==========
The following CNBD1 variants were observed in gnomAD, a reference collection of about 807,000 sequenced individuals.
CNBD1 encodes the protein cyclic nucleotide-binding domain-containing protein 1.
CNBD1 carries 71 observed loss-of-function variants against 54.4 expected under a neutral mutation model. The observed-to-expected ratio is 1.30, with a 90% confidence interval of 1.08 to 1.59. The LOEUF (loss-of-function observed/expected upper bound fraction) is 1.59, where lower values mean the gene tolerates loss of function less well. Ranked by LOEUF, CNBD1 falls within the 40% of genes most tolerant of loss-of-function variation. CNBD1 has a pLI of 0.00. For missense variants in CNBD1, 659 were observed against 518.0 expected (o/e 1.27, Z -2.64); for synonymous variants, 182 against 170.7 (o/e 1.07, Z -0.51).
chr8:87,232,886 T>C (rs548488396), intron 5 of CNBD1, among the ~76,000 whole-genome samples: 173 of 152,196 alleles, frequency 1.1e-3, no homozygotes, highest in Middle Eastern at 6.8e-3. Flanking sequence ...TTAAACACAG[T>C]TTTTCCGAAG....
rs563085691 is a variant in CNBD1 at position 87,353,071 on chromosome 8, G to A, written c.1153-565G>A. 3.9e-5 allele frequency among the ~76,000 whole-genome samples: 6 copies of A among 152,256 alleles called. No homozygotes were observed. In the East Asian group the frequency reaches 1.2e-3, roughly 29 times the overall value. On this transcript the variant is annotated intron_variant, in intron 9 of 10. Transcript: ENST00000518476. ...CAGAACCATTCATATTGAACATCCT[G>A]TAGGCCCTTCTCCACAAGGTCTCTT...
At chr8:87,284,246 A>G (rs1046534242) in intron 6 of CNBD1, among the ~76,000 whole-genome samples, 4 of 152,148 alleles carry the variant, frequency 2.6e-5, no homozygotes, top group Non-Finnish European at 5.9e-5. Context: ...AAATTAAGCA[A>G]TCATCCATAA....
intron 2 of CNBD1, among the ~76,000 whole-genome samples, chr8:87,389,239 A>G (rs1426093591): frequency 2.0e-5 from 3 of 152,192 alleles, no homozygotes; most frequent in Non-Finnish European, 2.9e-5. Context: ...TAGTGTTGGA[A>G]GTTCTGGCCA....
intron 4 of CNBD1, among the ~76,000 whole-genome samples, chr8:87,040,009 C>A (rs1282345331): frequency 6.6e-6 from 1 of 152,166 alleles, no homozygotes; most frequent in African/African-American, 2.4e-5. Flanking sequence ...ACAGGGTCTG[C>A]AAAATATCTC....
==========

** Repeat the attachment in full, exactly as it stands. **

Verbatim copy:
The following CNBD1 variants were observed in gnomAD, a reference collection of about 807,000 sequenced individuals.
CNBD1 encodes the protein cyclic nucleotide-binding domain-containing protein 1.
CNBD1 carries 71 observed loss-of-function variants against 54.4 expected under a neutral mutation model. The observed-to-expected ratio is 1.30, with a 90% confidence interval of 1.08 to 1.59. The LOEUF (loss-of-function observed/expected upper bound fraction) is 1.59, where lower values mean the gene tolerates loss of function less well. Ranked by LOEUF, CNBD1 falls within the 40% of genes most tolerant of loss-of-function variation. CNBD1 has a pLI of 0.00. For missense variants in CNBD1, 659 were observed against 518.0 expected (o/e 1.27, Z -2.64); for synonymous variants, 182 against 170.7 (o/e 1.07, Z -0.51).
chr8:87,232,886 T>C (rs548488396), intron 5 of CNBD1, among the ~76,000 whole-genome samples: 173 of 152,196 alleles, frequency 1.1e-3, no homozygotes, highest in Middle Eastern at 6.8e-3. Flanking sequence ...TTAAACACAG[T>C]TTTTCCGAAG....
rs563085691 is a variant in CNBD1 at position 87,353,071 on chromosome 8, G to A, written c.1153-565G>A. 3.9e-5 allele frequency among the ~76,000 whole-genome samples: 6 copies of A among 152,256 alleles called. No homozygotes were observed. In the East Asian group the frequency reaches 1.2e-3, roughly 29 times the overall value. On this transcript the variant is annotated intron_variant, in intron 9 of 10. Transcript: ENST00000518476. ...CAGAACCATTCATATTGAACATCCT[G>A]TAGGCCCTTCTCCACAAGGTCTCTT...
At chr8:87,284,246 A>G (rs1046534242) in intron 6 of CNBD1, among the ~76,000 whole-genome samples, 4 of 152,148 alleles carry the variant, frequency 2.6e-5, no homozygotes, top group Non-Finnish European at 5.9e-5. Context: ...AAATTAAGCA[A>G]TCATCCATAA....
intron 2 of CNBD1, among the ~76,000 whole-genome samples, chr8:87,389,239 A>G (rs1426093591): frequency 2.0e-5 from 3 of 152,192 alleles, no homozygotes; most frequent in Non-Finnish European, 2.9e-5. Context: ...TAGTGTTGGA[A>G]GTTCTGGCCA....
intron 4 of CNBD1, among the ~76,000 whole-genome samples, chr8:87,040,009 C>A (rs1282345331): frequency 6.6e-6 from 1 of 152,166 alleles, no homozygotes; most frequent in African/African-American, 2.4e-5. Flanking sequence ...ACAGGGTCTG[C>A]AAAATATCTC....